The LAMBDA system is tied directly to the ETA measurement process. Each of the thousands of measurements taken to determine overall efficiency are also used as an opportunity to measure a unit’s noise output. These noise level measurements are then averaged together to determine the unit’s LAMDA rating. This system currently has seven possible ratings: S, S+, S++, A-, A, A+, A++. This is because noise level is a lot more noticeable and important to many users, even at minor intervals of difference. Like efficiency with the ETA system, noise level is not rated at minimum or maximum in the LAMBDA system. It’s rated in overall noise output. This means that when you look at a noise level rating from Cybenetics you know that you’re getting a full picture of what the power supply’s sound performance looks like. Currently, Cybenetics offers the only widely recognized PSU noise certification in the world.


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#6
Fungi
Not sure what the use case is for redundant ATX power supplies is but it's nice the option exists, I guess?
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#7
Valantar
FungiNot sure what the use case is for redundant ATX power supplies is but it's nice the option exists, I guess?
Home servers, NAS builds, and mission-critical workstations? $6-700 PSUs clearly aren't meant for regular DIY PC builds.


One curious thing about this: It's PS/2/ATX form factor, yet all the screw holes are on those bent-out flanges, outside of the frame of the actual PSUs. Does that mean that these units are actually significantly smaller than a normal ATX PSU, missing something slightly below 1cm along each side (save for depth)? I have to wonder how well those flanges will hold up to holding the weight of what must be two pretty dense and hefty PSUs - I would imagine there being some sag involved. Not that it would matter much if your PSU sags a bit, but perhaps they should pack in some dense foam blocks or similar for support when mounted?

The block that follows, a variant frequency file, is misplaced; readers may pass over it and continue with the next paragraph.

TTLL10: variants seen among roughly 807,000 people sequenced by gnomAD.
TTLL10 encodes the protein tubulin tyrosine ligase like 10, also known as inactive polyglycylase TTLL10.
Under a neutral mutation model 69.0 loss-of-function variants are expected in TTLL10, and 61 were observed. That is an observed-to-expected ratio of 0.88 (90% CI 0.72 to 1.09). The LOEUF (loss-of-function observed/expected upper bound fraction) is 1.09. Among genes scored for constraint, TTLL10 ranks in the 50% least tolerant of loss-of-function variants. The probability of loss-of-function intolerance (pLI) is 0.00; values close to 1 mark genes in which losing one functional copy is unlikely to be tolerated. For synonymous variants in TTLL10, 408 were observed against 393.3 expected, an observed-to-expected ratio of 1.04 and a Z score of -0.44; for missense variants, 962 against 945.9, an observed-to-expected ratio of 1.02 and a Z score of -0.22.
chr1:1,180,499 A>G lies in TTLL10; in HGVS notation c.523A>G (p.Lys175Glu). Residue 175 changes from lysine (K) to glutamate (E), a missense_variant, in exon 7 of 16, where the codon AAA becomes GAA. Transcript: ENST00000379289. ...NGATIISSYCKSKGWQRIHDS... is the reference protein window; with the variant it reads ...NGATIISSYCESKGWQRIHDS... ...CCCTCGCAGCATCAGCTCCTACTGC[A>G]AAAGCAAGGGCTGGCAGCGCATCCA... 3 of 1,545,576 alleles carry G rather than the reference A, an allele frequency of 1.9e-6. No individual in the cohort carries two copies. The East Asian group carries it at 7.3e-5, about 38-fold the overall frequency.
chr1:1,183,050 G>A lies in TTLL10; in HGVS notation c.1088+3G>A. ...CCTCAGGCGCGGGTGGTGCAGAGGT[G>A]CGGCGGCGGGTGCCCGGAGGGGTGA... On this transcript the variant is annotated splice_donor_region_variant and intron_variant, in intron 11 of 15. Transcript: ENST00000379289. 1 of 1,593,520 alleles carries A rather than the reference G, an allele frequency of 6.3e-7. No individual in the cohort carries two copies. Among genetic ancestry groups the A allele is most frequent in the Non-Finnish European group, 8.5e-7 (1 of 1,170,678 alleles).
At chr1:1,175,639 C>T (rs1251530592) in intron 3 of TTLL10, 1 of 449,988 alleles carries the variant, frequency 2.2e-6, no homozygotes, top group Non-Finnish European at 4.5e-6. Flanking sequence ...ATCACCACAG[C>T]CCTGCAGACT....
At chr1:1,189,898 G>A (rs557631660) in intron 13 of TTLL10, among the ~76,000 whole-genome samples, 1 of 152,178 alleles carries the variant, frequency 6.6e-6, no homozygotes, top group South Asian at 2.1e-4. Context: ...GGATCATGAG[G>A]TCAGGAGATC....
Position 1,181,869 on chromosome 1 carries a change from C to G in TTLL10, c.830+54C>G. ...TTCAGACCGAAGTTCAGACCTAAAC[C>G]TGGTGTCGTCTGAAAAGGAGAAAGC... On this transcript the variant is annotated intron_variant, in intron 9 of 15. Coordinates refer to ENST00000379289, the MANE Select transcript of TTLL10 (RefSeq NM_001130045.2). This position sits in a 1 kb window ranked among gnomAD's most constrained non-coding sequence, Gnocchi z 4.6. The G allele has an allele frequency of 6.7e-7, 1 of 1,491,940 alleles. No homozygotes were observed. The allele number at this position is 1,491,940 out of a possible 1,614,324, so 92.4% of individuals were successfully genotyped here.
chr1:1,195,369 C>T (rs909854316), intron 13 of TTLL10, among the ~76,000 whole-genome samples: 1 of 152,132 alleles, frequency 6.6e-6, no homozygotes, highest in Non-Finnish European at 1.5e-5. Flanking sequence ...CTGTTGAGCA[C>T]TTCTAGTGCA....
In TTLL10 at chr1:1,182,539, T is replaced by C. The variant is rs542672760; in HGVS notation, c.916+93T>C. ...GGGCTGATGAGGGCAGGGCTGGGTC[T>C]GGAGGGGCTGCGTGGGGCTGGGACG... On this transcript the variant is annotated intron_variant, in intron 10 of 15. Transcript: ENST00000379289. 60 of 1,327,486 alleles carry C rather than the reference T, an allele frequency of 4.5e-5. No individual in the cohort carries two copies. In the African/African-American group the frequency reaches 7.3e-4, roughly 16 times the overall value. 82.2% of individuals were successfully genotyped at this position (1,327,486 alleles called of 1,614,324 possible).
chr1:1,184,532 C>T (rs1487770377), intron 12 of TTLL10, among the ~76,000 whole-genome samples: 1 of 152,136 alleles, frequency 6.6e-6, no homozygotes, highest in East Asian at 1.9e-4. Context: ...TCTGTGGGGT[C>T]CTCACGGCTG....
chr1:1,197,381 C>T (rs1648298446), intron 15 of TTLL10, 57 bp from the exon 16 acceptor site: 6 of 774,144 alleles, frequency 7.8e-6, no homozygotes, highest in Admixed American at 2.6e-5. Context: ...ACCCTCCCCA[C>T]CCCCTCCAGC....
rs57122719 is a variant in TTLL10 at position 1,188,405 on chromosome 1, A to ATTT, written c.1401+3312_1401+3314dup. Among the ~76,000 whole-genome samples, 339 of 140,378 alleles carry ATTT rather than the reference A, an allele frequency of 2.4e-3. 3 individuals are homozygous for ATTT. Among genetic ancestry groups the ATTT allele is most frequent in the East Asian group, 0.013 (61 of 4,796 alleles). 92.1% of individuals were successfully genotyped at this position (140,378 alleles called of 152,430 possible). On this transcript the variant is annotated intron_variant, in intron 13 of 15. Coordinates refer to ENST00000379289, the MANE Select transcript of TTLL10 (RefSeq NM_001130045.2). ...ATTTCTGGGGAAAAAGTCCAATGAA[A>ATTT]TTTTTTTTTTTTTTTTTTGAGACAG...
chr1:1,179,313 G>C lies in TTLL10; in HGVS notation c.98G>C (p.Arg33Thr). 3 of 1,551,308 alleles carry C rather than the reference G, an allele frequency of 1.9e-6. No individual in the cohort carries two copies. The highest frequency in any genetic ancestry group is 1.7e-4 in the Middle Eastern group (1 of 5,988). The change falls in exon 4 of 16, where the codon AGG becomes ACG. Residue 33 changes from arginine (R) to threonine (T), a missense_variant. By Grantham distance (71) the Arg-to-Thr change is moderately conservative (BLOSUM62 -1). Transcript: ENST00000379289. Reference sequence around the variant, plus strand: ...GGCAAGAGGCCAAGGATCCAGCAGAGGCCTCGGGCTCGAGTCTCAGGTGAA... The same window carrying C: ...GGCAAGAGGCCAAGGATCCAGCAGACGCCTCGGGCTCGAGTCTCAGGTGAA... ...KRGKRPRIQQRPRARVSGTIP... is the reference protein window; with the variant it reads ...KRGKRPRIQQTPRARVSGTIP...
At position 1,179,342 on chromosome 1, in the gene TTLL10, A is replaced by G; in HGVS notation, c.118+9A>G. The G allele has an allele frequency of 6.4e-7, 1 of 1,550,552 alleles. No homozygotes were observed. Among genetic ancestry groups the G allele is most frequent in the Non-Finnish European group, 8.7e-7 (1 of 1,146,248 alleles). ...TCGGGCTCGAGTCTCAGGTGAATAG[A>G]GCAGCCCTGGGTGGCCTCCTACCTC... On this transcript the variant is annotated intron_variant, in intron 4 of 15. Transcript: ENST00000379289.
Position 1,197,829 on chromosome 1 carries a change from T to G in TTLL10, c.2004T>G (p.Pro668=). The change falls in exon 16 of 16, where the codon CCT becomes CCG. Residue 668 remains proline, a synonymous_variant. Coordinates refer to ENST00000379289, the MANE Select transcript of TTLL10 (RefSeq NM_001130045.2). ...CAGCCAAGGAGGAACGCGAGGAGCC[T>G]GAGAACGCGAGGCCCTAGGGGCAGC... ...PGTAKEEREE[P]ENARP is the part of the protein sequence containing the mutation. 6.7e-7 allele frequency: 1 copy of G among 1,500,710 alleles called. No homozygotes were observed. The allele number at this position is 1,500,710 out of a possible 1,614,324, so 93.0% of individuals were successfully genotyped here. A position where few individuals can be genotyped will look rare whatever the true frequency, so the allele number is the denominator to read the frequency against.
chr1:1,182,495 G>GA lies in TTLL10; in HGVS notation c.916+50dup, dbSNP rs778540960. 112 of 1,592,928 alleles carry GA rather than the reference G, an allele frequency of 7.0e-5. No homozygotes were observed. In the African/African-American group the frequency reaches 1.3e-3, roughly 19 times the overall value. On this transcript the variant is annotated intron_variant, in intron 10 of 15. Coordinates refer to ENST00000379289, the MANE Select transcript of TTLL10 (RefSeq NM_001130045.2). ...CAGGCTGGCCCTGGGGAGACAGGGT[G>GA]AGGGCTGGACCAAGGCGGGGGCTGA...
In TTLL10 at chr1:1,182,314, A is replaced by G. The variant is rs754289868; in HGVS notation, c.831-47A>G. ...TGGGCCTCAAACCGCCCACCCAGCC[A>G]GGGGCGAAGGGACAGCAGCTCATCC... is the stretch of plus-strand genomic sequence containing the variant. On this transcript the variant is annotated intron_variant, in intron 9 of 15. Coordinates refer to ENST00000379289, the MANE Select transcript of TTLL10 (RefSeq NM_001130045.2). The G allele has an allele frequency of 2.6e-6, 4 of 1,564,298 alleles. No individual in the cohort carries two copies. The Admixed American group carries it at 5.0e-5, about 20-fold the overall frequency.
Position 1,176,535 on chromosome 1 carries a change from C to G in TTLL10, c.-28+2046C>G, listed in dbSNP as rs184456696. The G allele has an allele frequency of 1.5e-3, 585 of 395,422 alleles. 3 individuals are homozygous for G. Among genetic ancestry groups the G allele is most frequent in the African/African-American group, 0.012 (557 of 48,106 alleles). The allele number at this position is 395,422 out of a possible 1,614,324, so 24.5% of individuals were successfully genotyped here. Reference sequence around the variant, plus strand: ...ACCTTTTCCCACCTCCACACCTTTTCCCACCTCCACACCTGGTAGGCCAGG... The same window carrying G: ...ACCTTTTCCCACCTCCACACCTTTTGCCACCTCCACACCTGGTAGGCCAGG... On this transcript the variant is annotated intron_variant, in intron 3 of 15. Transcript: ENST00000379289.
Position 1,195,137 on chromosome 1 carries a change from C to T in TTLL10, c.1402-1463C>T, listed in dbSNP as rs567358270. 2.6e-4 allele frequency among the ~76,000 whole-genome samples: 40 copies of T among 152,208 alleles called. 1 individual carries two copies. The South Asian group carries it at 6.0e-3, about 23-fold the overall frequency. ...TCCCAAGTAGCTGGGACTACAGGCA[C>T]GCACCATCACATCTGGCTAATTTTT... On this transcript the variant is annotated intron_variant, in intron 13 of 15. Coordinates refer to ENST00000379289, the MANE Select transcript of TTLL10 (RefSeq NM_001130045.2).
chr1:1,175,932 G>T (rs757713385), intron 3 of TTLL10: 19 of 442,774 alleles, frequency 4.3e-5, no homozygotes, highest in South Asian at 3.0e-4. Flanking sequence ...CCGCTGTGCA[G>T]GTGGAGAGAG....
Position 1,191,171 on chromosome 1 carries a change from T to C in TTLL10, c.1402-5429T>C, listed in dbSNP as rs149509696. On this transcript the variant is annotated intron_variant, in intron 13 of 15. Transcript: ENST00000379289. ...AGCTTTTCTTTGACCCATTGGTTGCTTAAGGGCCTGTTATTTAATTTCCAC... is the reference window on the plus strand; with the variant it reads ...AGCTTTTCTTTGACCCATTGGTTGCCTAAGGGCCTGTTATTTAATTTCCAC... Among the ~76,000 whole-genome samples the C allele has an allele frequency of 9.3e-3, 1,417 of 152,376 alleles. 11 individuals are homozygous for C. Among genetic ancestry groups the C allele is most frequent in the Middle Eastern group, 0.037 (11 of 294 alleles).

Also, the format of these would make them a decent candidate for splitting out into 12V PSUs (+ some sort of PicoPSU/PDCB) for weird, high-power SFF builds. That would effectively halve the price per unit too!
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#8
firewrath9
Fourstaff51 + 51 dba = 61dba because sound is on log scale. Its still on the loud side though, but not surprising in server environments.
dB is on the log base 10 (times 10 afterwards), and log 2 base 10 = .3, multiplied by the 10x factor => 3, so its actually 54 dBa.
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#9
Jism
FungiNot sure what the use case is for redundant ATX power supplies is but it's nice the option exists, I guess?
PSU's at a constant load can blow up. In a critical enviroment like a datacenter you want twin PSU. If one snaps out you have a fallback and you have some time to swap out the bad part.

It happens more often then you think.
Posted on Reply
#10
Fungi
JismPSU's at a constant load can blow up. In a critical enviroment like a datacenter you want twin PSU. If one snaps out you have a fallback and you have some time to swap out the bad part.

It happens more often then you think.
What would you have with ATX in the datacenter?
Posted on Reply
#11
Jism
FungiWhat would you have with ATX in the datacenter?
There are 2U, 4U chassis with typical ATX formfactor. And ive used to build simple file, voice or hosting servers such as gaming with a plain ATX motherboard and perhepials.

I mean the hosting company i used to work at was not what you call super enterprise, but had it's budget on used hardware.
Posted on Reply
#12
kiriakost
FungiWhat would you have with ATX in the datacenter?
The ones thinking Data-center as major application, they are a bit in the romantic side, they use of allot of guesswork.

Robotic arms in production line, this is now the major customer.
And yes such topics has not any significance for the average consumer.

Today all major brands, they own their in-house product verification facility.
Cooler Master this recently did their step forward so to demonstrate it publicly.